15 days in Argentina (Patagonia & lake region): Itinerary, assessment, budget, guide, advice (1/2)
I was very hesitant to write this report only for Argentina, especially since this first trip to Argentina has many border crossings with Chile. But then again, the budgets are really not the same as in Chile so Argentina deserves to have its own article.
These 15 days in Argentina cover only the Lakes Region and Patagonia, we will come back here in a few months to explore Buenos Aires & Iguazu and will put online the 2nd part of the article.
- Ushuaia (2 days including 1 day of bus): 16h of bus from Punta Arenas (Chile). We had only 1 day of visit to go around the city and get our passports stamped. The weather was too bad to explore Tierra del Fuego.
- El Calafate (4 days including 1 day of bus): 18h of bus from Ushuaia with a change in Rio Gallegos. We visited the Perito Merino glacier, made the day trip to Torres del Paine (Chile) and rested.
- El Chaltén (3 days) : 3h of bus from El Calafate. We made 2 treks between 3h30-4h30 round trip each.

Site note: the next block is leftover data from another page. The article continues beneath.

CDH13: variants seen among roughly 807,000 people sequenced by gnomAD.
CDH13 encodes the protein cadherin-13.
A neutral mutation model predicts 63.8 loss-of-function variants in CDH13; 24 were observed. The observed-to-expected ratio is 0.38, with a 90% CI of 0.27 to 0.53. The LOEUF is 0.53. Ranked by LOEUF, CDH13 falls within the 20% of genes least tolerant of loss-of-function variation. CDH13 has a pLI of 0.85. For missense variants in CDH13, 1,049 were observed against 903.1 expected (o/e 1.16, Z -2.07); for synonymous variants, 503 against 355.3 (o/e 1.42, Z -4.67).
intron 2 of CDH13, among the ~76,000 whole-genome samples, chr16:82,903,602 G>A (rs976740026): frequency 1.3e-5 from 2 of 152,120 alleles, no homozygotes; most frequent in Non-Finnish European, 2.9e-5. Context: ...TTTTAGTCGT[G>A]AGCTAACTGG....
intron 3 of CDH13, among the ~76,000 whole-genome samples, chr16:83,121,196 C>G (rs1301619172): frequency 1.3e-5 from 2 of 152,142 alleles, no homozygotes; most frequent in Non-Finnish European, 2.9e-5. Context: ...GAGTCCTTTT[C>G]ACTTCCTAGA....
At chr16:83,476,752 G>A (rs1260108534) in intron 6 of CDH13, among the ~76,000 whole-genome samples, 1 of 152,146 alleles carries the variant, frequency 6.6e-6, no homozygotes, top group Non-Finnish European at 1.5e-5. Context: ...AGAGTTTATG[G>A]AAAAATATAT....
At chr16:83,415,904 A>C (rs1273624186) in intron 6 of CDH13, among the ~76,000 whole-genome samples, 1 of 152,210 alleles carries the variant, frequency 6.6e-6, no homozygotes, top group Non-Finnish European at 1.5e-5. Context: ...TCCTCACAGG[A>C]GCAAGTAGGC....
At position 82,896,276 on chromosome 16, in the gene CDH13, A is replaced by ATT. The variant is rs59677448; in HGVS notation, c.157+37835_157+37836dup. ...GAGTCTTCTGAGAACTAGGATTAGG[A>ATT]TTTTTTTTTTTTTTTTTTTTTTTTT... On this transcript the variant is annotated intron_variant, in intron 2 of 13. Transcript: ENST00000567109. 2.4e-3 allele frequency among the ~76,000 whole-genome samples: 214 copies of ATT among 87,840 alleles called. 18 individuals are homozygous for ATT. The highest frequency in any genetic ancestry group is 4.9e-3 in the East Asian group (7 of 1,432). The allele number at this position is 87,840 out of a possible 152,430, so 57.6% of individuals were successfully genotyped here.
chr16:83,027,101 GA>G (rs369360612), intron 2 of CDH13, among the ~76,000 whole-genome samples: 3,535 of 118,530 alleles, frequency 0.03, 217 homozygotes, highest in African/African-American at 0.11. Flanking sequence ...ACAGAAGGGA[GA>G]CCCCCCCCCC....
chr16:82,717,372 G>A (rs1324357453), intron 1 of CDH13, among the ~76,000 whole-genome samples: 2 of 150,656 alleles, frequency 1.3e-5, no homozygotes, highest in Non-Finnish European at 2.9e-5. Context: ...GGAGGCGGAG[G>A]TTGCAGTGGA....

- Bariloche (3 days including 1 day by bus): 24h of bus from El Chaltén. We have rented a car to do the Circuito Chico
- Ruta de los 7 lagos (2,5 days): we visited Villa la Agostura, Villa Traful and San Martin de los Andes with a car
- Bariloche (0.5 day) : Back to Bariloche to take a bus to Puerto Montt in Chile.
Some pictures to make you want to
Bariloche (Circuito Chico)
La ruta de los 7 lagos
Argentina is a very expensive destination compared to its neighboring countries. Many times we have asked ourselves if we were not rather in Europe.
The distances are enormous and the buses are very expensive (even if they are comfortable). However, the food is good and the Argentines are very nice. In Patagonia, in high season, even the dormitories are expensive.
Rates for December 2016 (high season). Conversion rate: 1€ = 16.6$AR
Beware, inflation in Argentina is terrible, but experience shows that the equivalent in euros doesn’t change much, but the exchange rate is very different => the figure in Argentine pesos changes. So take into account instead the value I have marked in euros and convert it yourself into Argentine pesos.
- TOTAL of 1900€ for two for 15 days all inclusive